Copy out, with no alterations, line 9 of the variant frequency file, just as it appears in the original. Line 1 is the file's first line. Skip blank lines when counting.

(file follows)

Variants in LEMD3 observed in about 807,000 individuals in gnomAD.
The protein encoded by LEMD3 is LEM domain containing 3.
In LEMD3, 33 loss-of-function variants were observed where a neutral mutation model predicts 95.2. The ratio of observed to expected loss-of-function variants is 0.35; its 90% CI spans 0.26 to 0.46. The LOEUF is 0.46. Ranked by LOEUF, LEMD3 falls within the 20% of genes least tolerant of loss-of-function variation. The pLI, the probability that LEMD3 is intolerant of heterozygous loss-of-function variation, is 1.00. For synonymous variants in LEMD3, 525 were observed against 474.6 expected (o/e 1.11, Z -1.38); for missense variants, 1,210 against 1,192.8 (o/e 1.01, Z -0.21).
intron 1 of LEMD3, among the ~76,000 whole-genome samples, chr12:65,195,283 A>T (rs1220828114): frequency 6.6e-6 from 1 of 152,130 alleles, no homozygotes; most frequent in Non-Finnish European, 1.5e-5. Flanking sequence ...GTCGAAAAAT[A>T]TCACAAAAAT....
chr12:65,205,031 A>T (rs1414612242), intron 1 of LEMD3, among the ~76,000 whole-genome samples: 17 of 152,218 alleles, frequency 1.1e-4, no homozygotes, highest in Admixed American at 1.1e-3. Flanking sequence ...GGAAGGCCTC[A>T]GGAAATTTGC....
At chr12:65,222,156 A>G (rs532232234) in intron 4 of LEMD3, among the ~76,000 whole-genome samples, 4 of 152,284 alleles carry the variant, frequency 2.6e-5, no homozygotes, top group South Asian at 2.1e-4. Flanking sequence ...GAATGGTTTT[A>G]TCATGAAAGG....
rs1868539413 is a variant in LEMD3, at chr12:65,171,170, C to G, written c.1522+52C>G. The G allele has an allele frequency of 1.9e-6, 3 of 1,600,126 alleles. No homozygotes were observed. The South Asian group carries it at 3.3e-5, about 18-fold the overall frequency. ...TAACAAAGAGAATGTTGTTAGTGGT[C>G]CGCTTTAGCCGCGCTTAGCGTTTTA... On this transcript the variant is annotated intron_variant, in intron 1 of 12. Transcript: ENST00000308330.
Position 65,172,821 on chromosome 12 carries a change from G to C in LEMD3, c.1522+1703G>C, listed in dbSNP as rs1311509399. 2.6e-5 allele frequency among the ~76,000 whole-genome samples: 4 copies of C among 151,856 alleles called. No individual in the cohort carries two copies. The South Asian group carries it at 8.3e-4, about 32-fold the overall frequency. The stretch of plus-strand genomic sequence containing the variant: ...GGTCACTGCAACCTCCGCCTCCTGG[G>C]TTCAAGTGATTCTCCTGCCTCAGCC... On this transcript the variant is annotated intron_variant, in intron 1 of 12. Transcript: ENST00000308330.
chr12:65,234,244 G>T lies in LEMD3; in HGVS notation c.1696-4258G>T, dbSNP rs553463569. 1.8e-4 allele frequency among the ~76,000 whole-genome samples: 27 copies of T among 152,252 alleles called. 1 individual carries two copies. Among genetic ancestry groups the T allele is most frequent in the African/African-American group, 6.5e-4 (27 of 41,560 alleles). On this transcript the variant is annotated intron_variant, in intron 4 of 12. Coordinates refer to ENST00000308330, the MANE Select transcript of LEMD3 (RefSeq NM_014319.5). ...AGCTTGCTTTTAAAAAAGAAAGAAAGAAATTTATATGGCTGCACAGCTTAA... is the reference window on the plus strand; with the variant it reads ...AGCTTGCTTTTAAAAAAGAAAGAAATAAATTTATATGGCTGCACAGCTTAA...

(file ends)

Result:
chr12:65,234,244 G>T lies in LEMD3; in HGVS notation c.1696-4258G>T, dbSNP rs553463569. 1.8e-4 allele frequency among the ~76,000 whole-genome samples: 27 copies of T among 152,252 alleles called. 1 individual carries two copies. Among genetic ancestry groups the T allele is most frequent in the African/African-American group, 6.5e-4 (27 of 41,560 alleles). On this transcript the variant is annotated intron_variant, in intron 4 of 12. Coordinates refer to ENST00000308330, the MANE Select transcript of LEMD3 (RefSeq NM_014319.5). ...AGCTTGCTTTTAAAAAAGAAAGAAAGAAATTTATATGGCTGCACAGCTTAA... is the reference window on the plus strand; with the variant it reads ...AGCTTGCTTTTAAAAAAGAAAGAAATAAATTTATATGGCTGCACAGCTTAA...